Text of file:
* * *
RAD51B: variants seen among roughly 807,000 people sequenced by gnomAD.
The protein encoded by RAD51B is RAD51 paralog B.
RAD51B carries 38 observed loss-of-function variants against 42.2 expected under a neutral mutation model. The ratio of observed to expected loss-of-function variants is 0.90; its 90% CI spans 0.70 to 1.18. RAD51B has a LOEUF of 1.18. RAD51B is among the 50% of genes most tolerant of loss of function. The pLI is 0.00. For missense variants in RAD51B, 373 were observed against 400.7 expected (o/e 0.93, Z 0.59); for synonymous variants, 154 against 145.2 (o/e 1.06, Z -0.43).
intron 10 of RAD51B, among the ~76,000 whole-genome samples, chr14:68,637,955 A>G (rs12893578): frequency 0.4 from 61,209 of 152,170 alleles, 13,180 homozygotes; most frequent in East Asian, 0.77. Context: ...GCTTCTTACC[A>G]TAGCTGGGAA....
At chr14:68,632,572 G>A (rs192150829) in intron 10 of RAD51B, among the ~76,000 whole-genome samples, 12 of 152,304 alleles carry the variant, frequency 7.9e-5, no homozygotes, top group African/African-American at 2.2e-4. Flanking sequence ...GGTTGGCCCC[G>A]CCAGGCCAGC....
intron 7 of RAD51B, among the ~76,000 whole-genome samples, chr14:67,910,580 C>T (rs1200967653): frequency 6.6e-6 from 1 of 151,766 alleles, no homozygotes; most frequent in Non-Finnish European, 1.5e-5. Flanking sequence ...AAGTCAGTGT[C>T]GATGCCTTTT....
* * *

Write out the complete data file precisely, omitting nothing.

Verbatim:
RAD51B: variants seen among roughly 807,000 people sequenced by gnomAD.
The protein encoded by RAD51B is RAD51 paralog B.
RAD51B carries 38 observed loss-of-function variants against 42.2 expected under a neutral mutation model. The ratio of observed to expected loss-of-function variants is 0.90; its 90% CI spans 0.70 to 1.18. RAD51B has a LOEUF of 1.18. RAD51B is among the 50% of genes most tolerant of loss of function. The pLI is 0.00. For missense variants in RAD51B, 373 were observed against 400.7 expected (o/e 0.93, Z 0.59); for synonymous variants, 154 against 145.2 (o/e 1.06, Z -0.43).
intron 10 of RAD51B, among the ~76,000 whole-genome samples, chr14:68,637,955 A>G (rs12893578): frequency 0.4 from 61,209 of 152,170 alleles, 13,180 homozygotes; most frequent in East Asian, 0.77. Context: ...GCTTCTTACC[A>G]TAGCTGGGAA....
At chr14:68,632,572 G>A (rs192150829) in intron 10 of RAD51B, among the ~76,000 whole-genome samples, 12 of 152,304 alleles carry the variant, frequency 7.9e-5, no homozygotes, top group African/African-American at 2.2e-4. Flanking sequence ...GGTTGGCCCC[G>A]CCAGGCCAGC....
intron 7 of RAD51B, among the ~76,000 whole-genome samples, chr14:67,910,580 C>T (rs1200967653): frequency 6.6e-6 from 1 of 151,766 alleles, no homozygotes; most frequent in Non-Finnish European, 1.5e-5. Flanking sequence ...AAGTCAGTGT[C>T]GATGCCTTTT....